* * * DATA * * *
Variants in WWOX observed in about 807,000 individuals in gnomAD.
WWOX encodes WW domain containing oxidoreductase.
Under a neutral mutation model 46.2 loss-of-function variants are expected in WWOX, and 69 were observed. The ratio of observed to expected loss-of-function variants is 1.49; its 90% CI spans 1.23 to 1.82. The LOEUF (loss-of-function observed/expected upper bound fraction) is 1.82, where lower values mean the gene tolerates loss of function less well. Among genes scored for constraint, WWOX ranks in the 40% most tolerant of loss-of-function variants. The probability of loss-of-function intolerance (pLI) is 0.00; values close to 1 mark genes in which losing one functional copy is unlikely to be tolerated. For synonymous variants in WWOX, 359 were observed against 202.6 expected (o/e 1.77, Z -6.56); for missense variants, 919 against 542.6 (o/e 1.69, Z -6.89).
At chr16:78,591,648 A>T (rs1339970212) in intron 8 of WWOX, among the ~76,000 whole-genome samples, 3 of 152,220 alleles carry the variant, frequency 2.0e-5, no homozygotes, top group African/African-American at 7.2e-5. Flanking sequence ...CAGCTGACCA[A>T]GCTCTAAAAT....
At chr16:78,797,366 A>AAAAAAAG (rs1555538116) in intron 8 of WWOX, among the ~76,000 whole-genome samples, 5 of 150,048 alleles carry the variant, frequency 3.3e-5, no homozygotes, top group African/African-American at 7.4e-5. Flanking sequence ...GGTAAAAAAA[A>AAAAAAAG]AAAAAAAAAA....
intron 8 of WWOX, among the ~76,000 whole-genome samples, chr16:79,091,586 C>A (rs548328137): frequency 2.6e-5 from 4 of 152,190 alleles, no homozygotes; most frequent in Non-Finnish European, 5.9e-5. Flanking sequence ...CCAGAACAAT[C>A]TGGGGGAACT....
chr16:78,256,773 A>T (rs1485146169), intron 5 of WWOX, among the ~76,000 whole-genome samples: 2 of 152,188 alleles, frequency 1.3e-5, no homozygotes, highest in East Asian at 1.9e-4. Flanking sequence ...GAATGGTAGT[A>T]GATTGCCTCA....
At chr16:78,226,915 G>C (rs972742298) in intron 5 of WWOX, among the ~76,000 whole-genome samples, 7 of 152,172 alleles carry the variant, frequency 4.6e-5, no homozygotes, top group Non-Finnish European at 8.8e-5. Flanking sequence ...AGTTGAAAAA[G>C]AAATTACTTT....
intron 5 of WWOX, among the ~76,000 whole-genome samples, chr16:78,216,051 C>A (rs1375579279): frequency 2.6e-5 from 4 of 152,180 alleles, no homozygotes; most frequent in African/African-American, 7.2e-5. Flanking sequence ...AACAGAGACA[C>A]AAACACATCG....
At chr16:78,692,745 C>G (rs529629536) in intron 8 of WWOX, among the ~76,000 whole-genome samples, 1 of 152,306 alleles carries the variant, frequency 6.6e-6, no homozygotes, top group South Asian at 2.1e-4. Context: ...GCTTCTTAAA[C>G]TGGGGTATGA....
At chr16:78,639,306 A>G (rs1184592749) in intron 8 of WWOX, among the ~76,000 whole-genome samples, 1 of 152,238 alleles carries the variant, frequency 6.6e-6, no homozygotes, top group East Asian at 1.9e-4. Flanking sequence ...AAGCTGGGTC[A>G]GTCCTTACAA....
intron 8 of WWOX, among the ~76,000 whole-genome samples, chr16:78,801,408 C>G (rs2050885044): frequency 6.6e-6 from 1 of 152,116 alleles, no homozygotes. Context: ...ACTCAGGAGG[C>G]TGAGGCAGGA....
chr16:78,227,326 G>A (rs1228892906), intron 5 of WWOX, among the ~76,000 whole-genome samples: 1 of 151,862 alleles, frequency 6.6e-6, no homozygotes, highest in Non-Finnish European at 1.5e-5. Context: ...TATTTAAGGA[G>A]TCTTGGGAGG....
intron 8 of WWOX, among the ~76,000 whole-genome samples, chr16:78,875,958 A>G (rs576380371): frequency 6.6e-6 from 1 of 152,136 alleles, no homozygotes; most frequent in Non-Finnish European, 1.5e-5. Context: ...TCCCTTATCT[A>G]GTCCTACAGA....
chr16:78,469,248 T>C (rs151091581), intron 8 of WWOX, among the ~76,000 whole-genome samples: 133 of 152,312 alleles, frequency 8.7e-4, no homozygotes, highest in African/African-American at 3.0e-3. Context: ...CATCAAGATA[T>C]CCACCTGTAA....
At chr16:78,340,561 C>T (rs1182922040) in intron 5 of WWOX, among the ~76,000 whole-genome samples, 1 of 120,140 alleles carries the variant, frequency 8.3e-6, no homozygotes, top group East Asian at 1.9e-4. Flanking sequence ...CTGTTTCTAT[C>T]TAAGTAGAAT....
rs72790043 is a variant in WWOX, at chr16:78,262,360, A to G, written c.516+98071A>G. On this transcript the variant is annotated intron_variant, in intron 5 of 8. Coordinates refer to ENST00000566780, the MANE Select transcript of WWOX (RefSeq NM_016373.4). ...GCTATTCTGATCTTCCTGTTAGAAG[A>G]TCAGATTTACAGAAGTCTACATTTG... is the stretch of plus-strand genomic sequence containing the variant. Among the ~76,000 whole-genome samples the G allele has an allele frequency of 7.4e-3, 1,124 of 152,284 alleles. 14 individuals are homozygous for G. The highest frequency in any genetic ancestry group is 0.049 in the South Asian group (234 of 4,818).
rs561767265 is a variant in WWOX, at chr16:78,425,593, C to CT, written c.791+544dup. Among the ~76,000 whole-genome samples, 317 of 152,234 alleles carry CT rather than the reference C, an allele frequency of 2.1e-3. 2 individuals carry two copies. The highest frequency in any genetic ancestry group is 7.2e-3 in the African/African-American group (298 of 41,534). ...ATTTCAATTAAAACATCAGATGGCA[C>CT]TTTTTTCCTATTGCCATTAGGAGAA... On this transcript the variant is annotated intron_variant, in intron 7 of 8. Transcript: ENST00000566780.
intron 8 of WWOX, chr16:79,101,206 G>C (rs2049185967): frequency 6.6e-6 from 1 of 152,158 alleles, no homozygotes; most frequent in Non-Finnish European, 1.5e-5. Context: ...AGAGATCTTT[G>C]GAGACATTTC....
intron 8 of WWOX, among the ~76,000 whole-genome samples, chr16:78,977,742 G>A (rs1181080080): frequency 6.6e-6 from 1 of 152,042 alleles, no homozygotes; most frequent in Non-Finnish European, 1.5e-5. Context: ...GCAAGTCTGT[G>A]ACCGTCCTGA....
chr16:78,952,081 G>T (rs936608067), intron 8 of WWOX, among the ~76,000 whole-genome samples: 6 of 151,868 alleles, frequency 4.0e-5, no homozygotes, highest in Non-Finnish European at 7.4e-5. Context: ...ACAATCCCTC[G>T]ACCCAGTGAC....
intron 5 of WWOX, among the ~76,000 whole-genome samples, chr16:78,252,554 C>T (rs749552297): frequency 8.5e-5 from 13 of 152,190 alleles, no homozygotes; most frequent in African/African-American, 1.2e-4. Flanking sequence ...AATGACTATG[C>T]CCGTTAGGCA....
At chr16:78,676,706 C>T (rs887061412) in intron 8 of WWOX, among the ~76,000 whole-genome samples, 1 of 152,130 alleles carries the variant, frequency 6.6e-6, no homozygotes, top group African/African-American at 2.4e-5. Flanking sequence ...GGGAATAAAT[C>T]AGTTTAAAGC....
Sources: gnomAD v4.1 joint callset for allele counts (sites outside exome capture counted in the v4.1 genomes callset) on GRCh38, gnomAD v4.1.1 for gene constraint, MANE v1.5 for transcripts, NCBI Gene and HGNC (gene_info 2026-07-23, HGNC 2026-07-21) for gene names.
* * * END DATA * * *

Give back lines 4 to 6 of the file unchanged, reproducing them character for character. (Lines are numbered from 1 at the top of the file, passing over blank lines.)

At chr16:78,591,648 A>T (rs1339970212) in intron 8 of WWOX, among the ~76,000 whole-genome samples, 3 of 152,220 alleles carry the variant, frequency 2.0e-5, no homozygotes, top group African/African-American at 7.2e-5. Flanking sequence ...CAGCTGACCA[A>T]GCTCTAAAAT....
At chr16:78,797,366 A>AAAAAAAG (rs1555538116) in intron 8 of WWOX, among the ~76,000 whole-genome samples, 5 of 150,048 alleles carry the variant, frequency 3.3e-5, no homozygotes, top group African/African-American at 7.4e-5. Flanking sequence ...GGTAAAAAAA[A>AAAAAAAG]AAAAAAAAAA....
intron 8 of WWOX, among the ~76,000 whole-genome samples, chr16:79,091,586 C>A (rs548328137): frequency 2.6e-5 from 4 of 152,190 alleles, no homozygotes; most frequent in Non-Finnish European, 5.9e-5. Flanking sequence ...CCAGAACAAT[C>A]TGGGGGAACT....